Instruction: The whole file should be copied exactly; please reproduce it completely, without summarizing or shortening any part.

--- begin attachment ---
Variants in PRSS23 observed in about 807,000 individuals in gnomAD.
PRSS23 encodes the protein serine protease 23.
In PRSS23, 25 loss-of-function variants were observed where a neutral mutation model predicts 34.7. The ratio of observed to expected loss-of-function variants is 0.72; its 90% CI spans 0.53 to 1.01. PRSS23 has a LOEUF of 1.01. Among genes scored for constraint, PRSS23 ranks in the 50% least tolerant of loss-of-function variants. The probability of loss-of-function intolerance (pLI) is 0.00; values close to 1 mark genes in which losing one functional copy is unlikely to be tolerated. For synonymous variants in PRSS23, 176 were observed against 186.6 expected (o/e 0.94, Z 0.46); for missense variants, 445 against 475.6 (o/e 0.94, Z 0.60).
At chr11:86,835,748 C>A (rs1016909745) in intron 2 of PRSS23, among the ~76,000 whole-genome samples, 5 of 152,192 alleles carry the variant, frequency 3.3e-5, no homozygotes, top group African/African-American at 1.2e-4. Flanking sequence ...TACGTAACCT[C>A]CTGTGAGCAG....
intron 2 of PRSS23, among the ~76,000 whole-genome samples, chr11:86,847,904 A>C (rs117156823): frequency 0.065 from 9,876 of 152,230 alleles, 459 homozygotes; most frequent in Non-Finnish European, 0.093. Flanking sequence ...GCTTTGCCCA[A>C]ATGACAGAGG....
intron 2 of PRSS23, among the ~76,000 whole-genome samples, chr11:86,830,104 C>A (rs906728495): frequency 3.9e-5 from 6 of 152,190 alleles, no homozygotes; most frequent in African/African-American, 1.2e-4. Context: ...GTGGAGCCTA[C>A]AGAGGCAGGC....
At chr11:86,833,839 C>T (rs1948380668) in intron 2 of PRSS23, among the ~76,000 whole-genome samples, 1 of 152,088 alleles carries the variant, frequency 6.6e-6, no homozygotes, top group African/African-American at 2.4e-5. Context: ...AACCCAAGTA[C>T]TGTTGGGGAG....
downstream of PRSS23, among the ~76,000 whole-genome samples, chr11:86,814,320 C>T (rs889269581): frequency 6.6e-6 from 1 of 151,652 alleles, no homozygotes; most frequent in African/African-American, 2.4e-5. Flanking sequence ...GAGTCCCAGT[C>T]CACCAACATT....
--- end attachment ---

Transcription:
Variants in PRSS23 observed in about 807,000 individuals in gnomAD.
PRSS23 encodes the protein serine protease 23.
In PRSS23, 25 loss-of-function variants were observed where a neutral mutation model predicts 34.7. The ratio of observed to expected loss-of-function variants is 0.72; its 90% CI spans 0.53 to 1.01. PRSS23 has a LOEUF of 1.01. Among genes scored for constraint, PRSS23 ranks in the 50% least tolerant of loss-of-function variants. The probability of loss-of-function intolerance (pLI) is 0.00; values close to 1 mark genes in which losing one functional copy is unlikely to be tolerated. For synonymous variants in PRSS23, 176 were observed against 186.6 expected (o/e 0.94, Z 0.46); for missense variants, 445 against 475.6 (o/e 0.94, Z 0.60).
At chr11:86,835,748 C>A (rs1016909745) in intron 2 of PRSS23, among the ~76,000 whole-genome samples, 5 of 152,192 alleles carry the variant, frequency 3.3e-5, no homozygotes, top group African/African-American at 1.2e-4. Flanking sequence ...TACGTAACCT[C>A]CTGTGAGCAG....
intron 2 of PRSS23, among the ~76,000 whole-genome samples, chr11:86,847,904 A>C (rs117156823): frequency 0.065 from 9,876 of 152,230 alleles, 459 homozygotes; most frequent in Non-Finnish European, 0.093. Flanking sequence ...GCTTTGCCCA[A>C]ATGACAGAGG....
intron 2 of PRSS23, among the ~76,000 whole-genome samples, chr11:86,830,104 C>A (rs906728495): frequency 3.9e-5 from 6 of 152,190 alleles, no homozygotes; most frequent in African/African-American, 1.2e-4. Context: ...GTGGAGCCTA[C>A]AGAGGCAGGC....
At chr11:86,833,839 C>T (rs1948380668) in intron 2 of PRSS23, among the ~76,000 whole-genome samples, 1 of 152,088 alleles carries the variant, frequency 6.6e-6, no homozygotes, top group African/African-American at 2.4e-5. Context: ...AACCCAAGTA[C>T]TGTTGGGGAG....
downstream of PRSS23, among the ~76,000 whole-genome samples, chr11:86,814,320 C>T (rs889269581): frequency 6.6e-6 from 1 of 151,652 alleles, no homozygotes; most frequent in African/African-American, 2.4e-5. Flanking sequence ...GAGTCCCAGT[C>T]CACCAACATT....